History Is All You Left Me

History Is All You Left Me
Written by Adam Silvera
Contemporary, LGBT, Diverse
Published February 2017
304 Pages
Thank you to Simon & Schuster Australia
Add to Goodreads
You’re still alive in alternate universes, Theo, but I live in the real world where this morning you’re having an open casket funeral. I know you’re out there, listening. And you should know I’m really pissed because you swore you would never die and yet here we are. It hurts even more because this isn’t the first promise you’ve broken.

Obsessive Compulsive Disorder afflicted seventeen year old, Griffin, has just lost his first love, his best friend, ex boyfriend and the boy he believed to be his ultimate life partner, in a drowning accident. In a desperate attempt to hold onto every last piece of the past, a broken Griffin forges a friendship with Theo’s new college boyfriend, Jackson. And Griffin will stop at nothing to learn every detail of Theo’s new college life, and ultimate death. But as the grieving pair grows closer, readers will question Griffin's own version of the truth, both in terms of what he’s willing to hide, and what true love ultimately means...
Griffin and Theo shared their lives with one another. Childhood friends, they've been one another's confidant, neither realising they were both falling in love. No matter in which direction their lives would follow, Griffin and Theo would navigate back towards one another. Until Theo died, leaving behind broken promises and heartache.

My Thoughts

Griffin was a wonderful young man, gentle, intelligent and consumed by Theo. While Theo is animated, sensual and navigating his relationship parameters with Griffin. The nonlinear narrative begins with Griffin attending the funeral, being confronted with Jackson, Theo's college boyfriend and the history his dear Theo left behind.
If I'm going to have any chance of getting through today, tomorrow, and all of the days that follow, I think I need to go back to the start, where we were two boys bonding over jigsaw puzzles and falling in love.
Theo is incredibly intelligent but ultimately flawed despite the insistence of Griffin. Shortly after Theo and Griffin begin their relationship, Theo is offered early acceptance into a Californian college and with reluctance, leaving Griffin and their relationship behind. At college, Theo has lived an existence that is only shared through phone calls that have become less frequent as Theo and Jackson explore a new relationship. Throughout the nonlinear storyline, Griffin sees Theo's new relationship as insignificant, with little wonder as Theo seemed to manipulate Griffin's emotions, sharing the turbulence of his new relationship knowing Griffin was hopeful the two would reunite.

Griffin never received closure, so when Theo passed due to the tragic drowning accident, he reluctantly agrees to spent time with a grieving Jackson to understand aspects of Theo's life he no longer shared. Theo and Griffin's mutual friend Wade mourned alone and attempted to reach out to Griffin, consumed by grief to notice. Wade lived within Theo's shadow but after their separation, became a necessary voice of reason in Griffin's life.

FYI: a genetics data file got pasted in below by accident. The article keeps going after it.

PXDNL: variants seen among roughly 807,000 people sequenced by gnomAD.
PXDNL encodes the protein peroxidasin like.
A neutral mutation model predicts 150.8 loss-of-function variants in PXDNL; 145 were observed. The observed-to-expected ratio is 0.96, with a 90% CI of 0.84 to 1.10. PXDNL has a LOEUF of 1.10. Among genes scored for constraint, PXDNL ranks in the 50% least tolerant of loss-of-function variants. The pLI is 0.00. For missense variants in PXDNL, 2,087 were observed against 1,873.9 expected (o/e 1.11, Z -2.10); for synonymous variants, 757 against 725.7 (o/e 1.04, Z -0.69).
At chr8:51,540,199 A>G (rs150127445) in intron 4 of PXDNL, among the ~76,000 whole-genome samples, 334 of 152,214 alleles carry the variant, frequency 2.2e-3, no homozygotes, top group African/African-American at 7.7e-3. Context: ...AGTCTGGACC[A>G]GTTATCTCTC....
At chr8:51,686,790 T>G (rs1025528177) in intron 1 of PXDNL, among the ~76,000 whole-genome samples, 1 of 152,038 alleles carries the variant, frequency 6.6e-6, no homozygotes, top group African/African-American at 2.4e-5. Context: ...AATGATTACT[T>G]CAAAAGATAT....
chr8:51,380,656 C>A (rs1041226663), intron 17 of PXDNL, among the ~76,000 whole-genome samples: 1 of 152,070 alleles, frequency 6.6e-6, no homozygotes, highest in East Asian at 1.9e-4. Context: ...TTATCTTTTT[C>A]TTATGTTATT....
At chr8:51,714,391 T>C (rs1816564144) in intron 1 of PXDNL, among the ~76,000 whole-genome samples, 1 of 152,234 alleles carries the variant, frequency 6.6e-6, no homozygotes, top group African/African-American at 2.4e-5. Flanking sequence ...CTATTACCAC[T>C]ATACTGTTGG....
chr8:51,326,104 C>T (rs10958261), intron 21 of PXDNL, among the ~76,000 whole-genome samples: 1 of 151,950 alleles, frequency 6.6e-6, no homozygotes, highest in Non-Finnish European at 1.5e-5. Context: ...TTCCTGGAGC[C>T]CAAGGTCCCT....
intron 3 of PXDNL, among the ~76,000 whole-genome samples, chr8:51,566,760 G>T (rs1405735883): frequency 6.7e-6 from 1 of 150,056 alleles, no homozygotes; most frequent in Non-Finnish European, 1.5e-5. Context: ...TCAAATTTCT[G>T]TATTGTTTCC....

Griffin lives with Obsessive Compulsive Disorder, anxious over uneven numbers and favouring one side over the other. Theo, Jackson and Wade all interacted with Griffin on a varied scale. While Theo seemingly helped ease Griffin's anxiety, he believed these were simply quirks that added to Griffin's appeal. Jackson was incredibly intuitive both through his observations and relationship with Theo, his kind and gentle nature put Griffin at ease. While Wade had adopted the same approach as Jackson, but continued to challenge Griffin.

While the main focus is on the same sex relationships of Griffin and Theo, Theo and Jackson, the tentative friendship between Griffin and Jackson was therapeutic for both characters. His friendship with Wade and the wonderful relationship between Griffin's parents was a lovely touch. Diverse without using character diversity as the main narrative. Same sex relationships, bisexuality, anxiety disorders, a parent who is in a wheelchair and incredibly sex positive. It was beautiful.

Adam Silvera is exceptional. History Is All You Left Me is a heartbreaking narrative about the relationships that ignite passion and influence our lives. Tender, exquisite and breathtaking.

The Edge Of Everything

The Edge of Everything
Untitled Series Book One
Written by Jeff Giles
Fantasy, Paranormal, Romance
Published February 2nd 2017
368 Pages
Thank you to Bloomsbury Australia
Add to Goodreads
It’s been a shattering year for seventeen year old Zoe, who’s still reeling from her father's shockingly sudden death in a caving accident and her neighbors’ mysterious disappearance from their own home. Then on a terrifying sub zero, blizzardy night in Montana, she and her brother are brutally attacked in a cabin in the woods, only to be rescued by a mysterious bounty hunter they call X.